George Shearing
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George Shearing

Sir George Shearing
George Shearing 1959.JPG
Shearing in 1959
Background information
Born (1919-08-13)13 August 1919
Battersea, London, England, UK
Died 14 February 2011(2011-02-14) (aged 91)
New York City, New York, U.S.
Genres Jazz, bebop, swing, cool jazz
Instruments Piano
Labels MGM, Capitol, Concord, Savoy

Sir George Shearing, OBE (13 August 1919 – 14 February 2011) was a British jazz pianist who for many years led a popular jazz group that recorded for Discovery Records, MGM Records and Capitol Records. The composer of over 300 titles, including the jazz standard "Lullaby of Birdland", had multiple albums on the Billboard charts during the 1950s, 1960s, 1980s and 1990s.[1] He died of heart failure in New York City, at the age of 91.


Early life

Born in Battersea, London, Shearing was the youngest of nine children. He was born blind to working class parents: his father delivered coal and his mother cleaned trains in the evening. He started to learn piano at the age of three and began formal training at Linden Lodge School for the Blind, where he spent four years.[2]

Though he was offered several scholarships, Shearing opted to perform at a local pub, the Mason's Arms in Lambeth, for "25 bob a week"[3] playing piano and accordion. He joined an all-blind band during that time and was influenced by the records of Teddy Wilson and Fats Waller.[1] Shearing made his first BBC radio broadcast during this time after befriending Leonard Feather, with whom he started recording in 1937.[2]

In 1940, Shearing joined Harry Parry's popular band and contributed to the comeback of Ste;phane Grappelli. Shearing won seven consecutive Melody Maker polls during this time.[] Around that time he was also a member of George Evans's Saxes 'n' Sevens band.[]

United States years

In 1947, Shearing emigrated to the United States, where his harmonically complex style mixing swing, bop and modern classical influences gained popularity. One of his first performances was at the Hickory House. He performed with the Oscar Pettiford Trio and led a jazz quartet with Buddy DeFranco, which led to contractual problems, since Shearing was under contract to MGM and DeFranco to Capitol Records.[]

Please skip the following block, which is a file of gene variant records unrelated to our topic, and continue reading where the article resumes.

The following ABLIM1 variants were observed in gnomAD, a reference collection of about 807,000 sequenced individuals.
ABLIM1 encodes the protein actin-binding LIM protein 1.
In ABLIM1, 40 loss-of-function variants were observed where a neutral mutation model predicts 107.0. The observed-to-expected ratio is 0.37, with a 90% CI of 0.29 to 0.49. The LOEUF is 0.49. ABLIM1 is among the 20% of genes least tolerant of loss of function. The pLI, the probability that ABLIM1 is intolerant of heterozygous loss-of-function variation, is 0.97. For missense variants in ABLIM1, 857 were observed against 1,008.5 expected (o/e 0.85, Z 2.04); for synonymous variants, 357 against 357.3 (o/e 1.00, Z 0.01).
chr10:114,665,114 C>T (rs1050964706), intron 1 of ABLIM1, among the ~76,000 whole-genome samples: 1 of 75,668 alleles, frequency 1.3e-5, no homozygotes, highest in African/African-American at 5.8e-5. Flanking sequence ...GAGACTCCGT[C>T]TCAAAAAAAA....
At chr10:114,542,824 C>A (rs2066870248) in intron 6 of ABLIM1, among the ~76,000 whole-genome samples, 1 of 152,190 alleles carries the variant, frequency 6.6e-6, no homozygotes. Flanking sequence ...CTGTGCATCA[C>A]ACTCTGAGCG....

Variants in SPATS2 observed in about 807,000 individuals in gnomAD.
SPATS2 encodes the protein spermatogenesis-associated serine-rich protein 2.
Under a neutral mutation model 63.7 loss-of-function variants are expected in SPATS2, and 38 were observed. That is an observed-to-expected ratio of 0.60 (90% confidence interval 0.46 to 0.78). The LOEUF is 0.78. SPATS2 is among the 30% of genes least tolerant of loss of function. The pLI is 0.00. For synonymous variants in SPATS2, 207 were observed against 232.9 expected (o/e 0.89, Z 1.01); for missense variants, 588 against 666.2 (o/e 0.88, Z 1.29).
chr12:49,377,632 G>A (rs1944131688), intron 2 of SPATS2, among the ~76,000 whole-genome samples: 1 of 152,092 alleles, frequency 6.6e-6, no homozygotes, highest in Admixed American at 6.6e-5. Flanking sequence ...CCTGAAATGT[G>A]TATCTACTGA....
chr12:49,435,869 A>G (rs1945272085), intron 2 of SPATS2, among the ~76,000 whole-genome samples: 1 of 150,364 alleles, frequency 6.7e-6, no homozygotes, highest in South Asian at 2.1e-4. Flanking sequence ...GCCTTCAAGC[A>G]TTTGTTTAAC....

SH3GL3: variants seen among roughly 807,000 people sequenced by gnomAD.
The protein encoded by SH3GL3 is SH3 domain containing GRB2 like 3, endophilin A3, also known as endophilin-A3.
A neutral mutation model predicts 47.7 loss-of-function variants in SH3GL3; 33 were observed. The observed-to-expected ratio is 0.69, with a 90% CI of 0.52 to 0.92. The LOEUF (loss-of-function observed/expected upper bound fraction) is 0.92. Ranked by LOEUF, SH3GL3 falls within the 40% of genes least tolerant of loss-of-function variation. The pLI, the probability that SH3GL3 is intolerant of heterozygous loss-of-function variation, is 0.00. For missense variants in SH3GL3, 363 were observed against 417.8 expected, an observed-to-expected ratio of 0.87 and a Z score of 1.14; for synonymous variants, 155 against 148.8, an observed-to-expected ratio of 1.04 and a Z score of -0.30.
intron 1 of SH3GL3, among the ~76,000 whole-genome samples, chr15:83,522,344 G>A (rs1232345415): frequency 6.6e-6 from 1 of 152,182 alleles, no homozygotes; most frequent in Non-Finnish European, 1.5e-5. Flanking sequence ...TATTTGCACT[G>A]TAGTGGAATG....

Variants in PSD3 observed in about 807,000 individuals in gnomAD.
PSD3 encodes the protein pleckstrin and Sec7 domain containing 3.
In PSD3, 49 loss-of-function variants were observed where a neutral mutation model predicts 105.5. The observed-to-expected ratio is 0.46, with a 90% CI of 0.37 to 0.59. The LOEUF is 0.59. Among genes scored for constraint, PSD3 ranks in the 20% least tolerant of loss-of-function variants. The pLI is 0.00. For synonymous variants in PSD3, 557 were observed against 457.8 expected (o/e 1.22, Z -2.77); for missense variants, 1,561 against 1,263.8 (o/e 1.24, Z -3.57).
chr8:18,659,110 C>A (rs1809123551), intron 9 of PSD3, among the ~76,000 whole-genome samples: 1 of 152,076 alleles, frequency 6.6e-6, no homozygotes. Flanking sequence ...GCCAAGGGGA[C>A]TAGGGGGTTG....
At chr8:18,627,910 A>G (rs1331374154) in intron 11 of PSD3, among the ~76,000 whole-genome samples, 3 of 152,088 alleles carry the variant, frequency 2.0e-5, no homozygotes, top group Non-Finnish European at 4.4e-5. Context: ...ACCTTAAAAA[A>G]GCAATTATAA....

In 1949, he formed the first George Shearing Quintet, a band with Margie Hyams (vibraphone), Chuck Wayne (guitar), later replaced by Toots Thielemans (listed as John Tillman), John Levy (bass), and Denzil Best (drums). This line-up recorded for Discovery, Savoy, and MGM, including the immensely popular single "September in the Rain" (MGM), which sold over 900,000 copies; "my other hit" to accompany "Lullaby of Birdland". Shearing said of this hit that it was "as accidental as it could be."[3]

Shearing's interest in classical music resulted in some performances with concert orchestras in the 1950s and 1960s, and his solos frequently drew upon the music of Satie, Delius, and Debussy for inspiration. He became known for a piano technique known as "Shearing's voicing", a type of double melody block chord, with an additional fifth part that doubles the melody an octave lower. (This style is also known as "locked hands" and the jazz organist Milt Buckner is generally credited with inventing it.[])

In 1956, Shearing became a naturalized citizen of the United States.[3] He continued to play with his quintet, with augmented players through the years, and recorded with Capitol until 1969. He created his own label, Sheba, that lasted a few years. Along with dozens of musical stars of his day, Shearing appeared on ABC's The Pat Boone Chevy Showroom. Earlier, he had appeared on the same network's reality show, The Comeback Story, in which he discussed how to cope with blindness.[]

Later career

In 1970, he began to "phase out his by-now-predictable quintet"[1] and disbanded the group in 1978. One of his more notable albums during this period was The Reunion, with George Shearing (Verve 1976), made in collaboration with bassist Andy Simpkins and drummer Rusty Jones, and featuring Ste;phane Grappelli, the musician with whom he had debuted as a sideman decades before.